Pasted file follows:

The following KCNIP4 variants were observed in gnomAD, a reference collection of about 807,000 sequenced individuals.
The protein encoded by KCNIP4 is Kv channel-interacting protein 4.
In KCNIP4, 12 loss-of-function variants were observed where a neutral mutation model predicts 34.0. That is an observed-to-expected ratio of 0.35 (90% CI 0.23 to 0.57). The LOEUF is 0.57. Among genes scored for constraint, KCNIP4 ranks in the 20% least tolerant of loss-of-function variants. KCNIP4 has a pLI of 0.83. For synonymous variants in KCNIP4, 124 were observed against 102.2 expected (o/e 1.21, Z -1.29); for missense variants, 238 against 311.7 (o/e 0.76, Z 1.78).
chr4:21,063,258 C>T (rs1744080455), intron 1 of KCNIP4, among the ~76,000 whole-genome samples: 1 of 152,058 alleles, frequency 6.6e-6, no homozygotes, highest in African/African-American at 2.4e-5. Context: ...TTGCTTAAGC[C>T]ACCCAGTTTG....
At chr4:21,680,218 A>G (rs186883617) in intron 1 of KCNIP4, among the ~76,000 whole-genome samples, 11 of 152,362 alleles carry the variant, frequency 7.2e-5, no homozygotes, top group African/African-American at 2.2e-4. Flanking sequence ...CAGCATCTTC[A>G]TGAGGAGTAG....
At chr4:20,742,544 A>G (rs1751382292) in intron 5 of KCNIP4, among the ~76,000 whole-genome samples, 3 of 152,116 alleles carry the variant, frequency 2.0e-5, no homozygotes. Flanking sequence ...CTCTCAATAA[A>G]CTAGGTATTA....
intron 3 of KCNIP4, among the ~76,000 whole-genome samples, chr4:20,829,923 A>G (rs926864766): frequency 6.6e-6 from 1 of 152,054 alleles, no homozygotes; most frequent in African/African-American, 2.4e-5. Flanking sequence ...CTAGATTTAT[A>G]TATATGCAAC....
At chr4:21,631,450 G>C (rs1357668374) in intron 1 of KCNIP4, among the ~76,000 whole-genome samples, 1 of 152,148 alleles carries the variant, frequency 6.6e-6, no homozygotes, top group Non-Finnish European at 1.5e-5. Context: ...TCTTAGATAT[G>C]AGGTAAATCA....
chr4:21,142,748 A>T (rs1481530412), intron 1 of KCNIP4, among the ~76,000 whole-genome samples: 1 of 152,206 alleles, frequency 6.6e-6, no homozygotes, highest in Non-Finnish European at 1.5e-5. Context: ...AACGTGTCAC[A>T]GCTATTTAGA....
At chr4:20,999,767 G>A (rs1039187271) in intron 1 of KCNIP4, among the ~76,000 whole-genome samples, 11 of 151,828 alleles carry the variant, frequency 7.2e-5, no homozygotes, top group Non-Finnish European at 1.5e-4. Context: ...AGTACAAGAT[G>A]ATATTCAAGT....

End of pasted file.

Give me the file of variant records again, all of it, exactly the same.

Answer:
The following KCNIP4 variants were observed in gnomAD, a reference collection of about 807,000 sequenced individuals.
The protein encoded by KCNIP4 is Kv channel-interacting protein 4.
In KCNIP4, 12 loss-of-function variants were observed where a neutral mutation model predicts 34.0. That is an observed-to-expected ratio of 0.35 (90% CI 0.23 to 0.57). The LOEUF is 0.57. Among genes scored for constraint, KCNIP4 ranks in the 20% least tolerant of loss-of-function variants. KCNIP4 has a pLI of 0.83. For synonymous variants in KCNIP4, 124 were observed against 102.2 expected (o/e 1.21, Z -1.29); for missense variants, 238 against 311.7 (o/e 0.76, Z 1.78).
chr4:21,063,258 C>T (rs1744080455), intron 1 of KCNIP4, among the ~76,000 whole-genome samples: 1 of 152,058 alleles, frequency 6.6e-6, no homozygotes, highest in African/African-American at 2.4e-5. Context: ...TTGCTTAAGC[C>T]ACCCAGTTTG....
At chr4:21,680,218 A>G (rs186883617) in intron 1 of KCNIP4, among the ~76,000 whole-genome samples, 11 of 152,362 alleles carry the variant, frequency 7.2e-5, no homozygotes, top group African/African-American at 2.2e-4. Flanking sequence ...CAGCATCTTC[A>G]TGAGGAGTAG....
At chr4:20,742,544 A>G (rs1751382292) in intron 5 of KCNIP4, among the ~76,000 whole-genome samples, 3 of 152,116 alleles carry the variant, frequency 2.0e-5, no homozygotes. Flanking sequence ...CTCTCAATAA[A>G]CTAGGTATTA....
intron 3 of KCNIP4, among the ~76,000 whole-genome samples, chr4:20,829,923 A>G (rs926864766): frequency 6.6e-6 from 1 of 152,054 alleles, no homozygotes; most frequent in African/African-American, 2.4e-5. Flanking sequence ...CTAGATTTAT[A>G]TATATGCAAC....
At chr4:21,631,450 G>C (rs1357668374) in intron 1 of KCNIP4, among the ~76,000 whole-genome samples, 1 of 152,148 alleles carries the variant, frequency 6.6e-6, no homozygotes, top group Non-Finnish European at 1.5e-5. Context: ...TCTTAGATAT[G>C]AGGTAAATCA....
chr4:21,142,748 A>T (rs1481530412), intron 1 of KCNIP4, among the ~76,000 whole-genome samples: 1 of 152,206 alleles, frequency 6.6e-6, no homozygotes, highest in Non-Finnish European at 1.5e-5. Context: ...AACGTGTCAC[A>T]GCTATTTAGA....
At chr4:20,999,767 G>A (rs1039187271) in intron 1 of KCNIP4, among the ~76,000 whole-genome samples, 11 of 151,828 alleles carry the variant, frequency 7.2e-5, no homozygotes, top group Non-Finnish European at 1.5e-4. Context: ...AGTACAAGAT[G>A]ATATTCAAGT....